A Guide To Using 4gb Memory With Your PC

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Before i begin, i should point out that this guide is really for PC enthusiasts or "power users" (for lack of a better term). If you have even the remotest doubt that you would need as much as 4gb of memory in your PC, then that almost certainly means you won't need it, so you may as well skip the rest of this. For those considering buying 4gb, or upgrading to that amount, read on....

This is not so much a guide to help in choosing a particular brand, type or speed of PC memory (RAM), as i'm sure you're all capable of finding memory that suits your budget without having to read a guide on it (there are several guides on those matters already if you do need one though), this is more of an outline into the do's and don't's of buying 4gb of memory for your PC, because once you decide to install such a large amount of memory, you may find yourself with more problems than you bargained for.

This first thing to point out is that unless you have a 64-bit Operating System (Windows XP x64, Windows Vista (Home Basic, Home Premium, Business or Ultimate) 64-bit or one of the 64-bit Linux distributions, you CANNOT use 4gb of memory! This is nothing to do with a hardware incompatibility, or a problem with Windows XP Home/Pro or earlier versions of Windows, this is entirely down to a limitation of 32-bit computing.
32-bit computers can only access a maximum of 4gb of memory in total, which not only covers your RAM, but also you video cards' onboard memory and in some cases sound card onboard memory. For example, if you had a high end PC with a brand new Radeon HD 3870 X2 video card featuring 1gb of GDDR4 video RAM (Note: 1gb = 1024mb), and a Creative Labs X-Fi sound card with 64mb of X-RAM, this makes a total of 1088mb of memory that the Operating System is addressing already. If you then install 4gb of memory into your PC, the 32-bit Operating System will essentially ignore 1088mb of that 4gb (4096mb), and will only recognise 3008mb of system memory, which is a shade under 3gb. This means you will have purchased 1gb that not only never gets used, but as far as your PC is concerned, isn't even there!

This can go on to cause other problems, if wasting money isn't a big enough one, especially with modern motherboards that use dual-channel RAM. The motherboard will almost certainly at some point need to send data to the part of the RAM which is effectively cut off by the Operating Systems' inability to detect and use it, which will result in system crashes, lost data, and possibly worse. Eventually Microsoft brought out an update for Windows XP and Vista (the only 32-bit versions they still support) which limits them to only supporting 3.5gb of system memory, regardless of what other devices that have RAM fitted are installed. This solved many of the problems of possible data loss but does nothing for those people who buy 4gb RAM to use with their 32-bit Operating System.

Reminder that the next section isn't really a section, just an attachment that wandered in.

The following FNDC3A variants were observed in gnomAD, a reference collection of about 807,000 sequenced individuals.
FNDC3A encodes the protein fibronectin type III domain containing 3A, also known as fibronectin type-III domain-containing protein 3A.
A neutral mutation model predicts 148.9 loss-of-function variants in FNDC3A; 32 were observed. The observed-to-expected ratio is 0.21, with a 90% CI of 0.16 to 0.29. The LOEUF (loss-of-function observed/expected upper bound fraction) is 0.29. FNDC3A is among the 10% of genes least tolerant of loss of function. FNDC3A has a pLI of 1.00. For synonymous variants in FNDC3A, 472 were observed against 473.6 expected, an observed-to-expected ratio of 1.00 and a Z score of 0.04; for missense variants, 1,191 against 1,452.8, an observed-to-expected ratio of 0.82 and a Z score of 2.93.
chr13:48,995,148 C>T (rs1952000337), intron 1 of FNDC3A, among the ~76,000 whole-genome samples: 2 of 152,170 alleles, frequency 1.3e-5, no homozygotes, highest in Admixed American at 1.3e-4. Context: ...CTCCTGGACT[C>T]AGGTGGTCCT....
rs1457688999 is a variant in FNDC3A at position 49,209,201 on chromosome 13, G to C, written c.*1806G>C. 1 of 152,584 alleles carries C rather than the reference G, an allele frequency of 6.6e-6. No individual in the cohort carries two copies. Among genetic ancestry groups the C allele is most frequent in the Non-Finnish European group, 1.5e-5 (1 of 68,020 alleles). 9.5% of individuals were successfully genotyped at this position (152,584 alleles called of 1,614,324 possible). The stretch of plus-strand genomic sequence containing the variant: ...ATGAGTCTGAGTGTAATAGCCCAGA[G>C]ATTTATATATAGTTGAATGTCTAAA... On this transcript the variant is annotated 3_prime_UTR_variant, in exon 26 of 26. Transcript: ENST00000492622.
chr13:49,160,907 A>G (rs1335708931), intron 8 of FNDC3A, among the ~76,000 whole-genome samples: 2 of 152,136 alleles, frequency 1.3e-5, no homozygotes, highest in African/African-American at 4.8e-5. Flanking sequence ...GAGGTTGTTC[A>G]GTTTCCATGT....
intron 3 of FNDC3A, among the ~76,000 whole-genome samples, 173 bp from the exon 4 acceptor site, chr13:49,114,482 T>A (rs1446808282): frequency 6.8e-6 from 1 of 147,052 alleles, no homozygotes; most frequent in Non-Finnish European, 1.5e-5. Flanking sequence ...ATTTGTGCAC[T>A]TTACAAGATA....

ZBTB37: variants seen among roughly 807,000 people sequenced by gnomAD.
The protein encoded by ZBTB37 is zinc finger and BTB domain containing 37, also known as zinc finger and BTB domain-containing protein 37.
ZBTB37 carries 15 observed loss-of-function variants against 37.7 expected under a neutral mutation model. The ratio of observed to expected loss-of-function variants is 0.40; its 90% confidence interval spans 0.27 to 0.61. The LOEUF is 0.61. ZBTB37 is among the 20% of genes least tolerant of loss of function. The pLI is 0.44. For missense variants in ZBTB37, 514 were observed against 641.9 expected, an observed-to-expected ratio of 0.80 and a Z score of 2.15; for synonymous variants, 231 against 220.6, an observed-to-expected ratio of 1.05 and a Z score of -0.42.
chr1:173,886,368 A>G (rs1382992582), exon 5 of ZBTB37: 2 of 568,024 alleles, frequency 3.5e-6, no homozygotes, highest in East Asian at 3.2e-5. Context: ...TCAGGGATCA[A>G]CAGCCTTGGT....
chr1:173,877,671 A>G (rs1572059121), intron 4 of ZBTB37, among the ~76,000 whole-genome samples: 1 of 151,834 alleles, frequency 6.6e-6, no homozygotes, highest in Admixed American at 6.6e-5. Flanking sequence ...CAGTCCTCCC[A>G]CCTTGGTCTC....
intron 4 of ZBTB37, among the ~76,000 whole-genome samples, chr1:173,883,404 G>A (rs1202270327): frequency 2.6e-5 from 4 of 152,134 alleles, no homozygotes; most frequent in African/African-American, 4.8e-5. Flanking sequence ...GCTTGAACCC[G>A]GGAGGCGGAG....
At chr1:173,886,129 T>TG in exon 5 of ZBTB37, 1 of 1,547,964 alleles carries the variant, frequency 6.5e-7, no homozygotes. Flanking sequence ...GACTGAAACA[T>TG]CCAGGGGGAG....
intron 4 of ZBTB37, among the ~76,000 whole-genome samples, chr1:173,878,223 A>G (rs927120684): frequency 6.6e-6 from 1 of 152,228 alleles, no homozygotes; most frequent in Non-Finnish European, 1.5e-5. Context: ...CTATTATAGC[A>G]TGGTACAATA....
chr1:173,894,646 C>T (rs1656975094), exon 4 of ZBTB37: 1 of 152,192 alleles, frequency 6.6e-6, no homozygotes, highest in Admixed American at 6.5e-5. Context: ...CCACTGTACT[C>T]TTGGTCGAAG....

Don't think that i am saying 4gb RAM is a waste of time and money, those of you with 64-bit PC's, particularly if you are using Vista, will find that 4gb really is the sweet spot with your Operating System. Not only can 64-bit Operating Systems support 4gb with no issues (they can actually support anywhere from 16gb up to 128gb), but you'll notice a good performance improvement even over 2gb. Whether you would need more than 4gb is debateable, unless you are doing some professional level animation of film editing perhaps, but for now 4gb is a good companion with a 64-bit Operating System.... Just be sure you have a 64-bit Operating System before you buy such an amount.

Update: February 27th 2008
The release of SP1 for Windows Vista brings a change to the RAM detection in all 32-bit versions. Now they will show all installed system RAM, so if you have 4gb installed on your motherboard, it will show in the 32-bit versions. However, it will still only be able to use up to 3.5gb of it, because of the limitation of 32-bit computing, so in my opinion this change will only add to the confusion.

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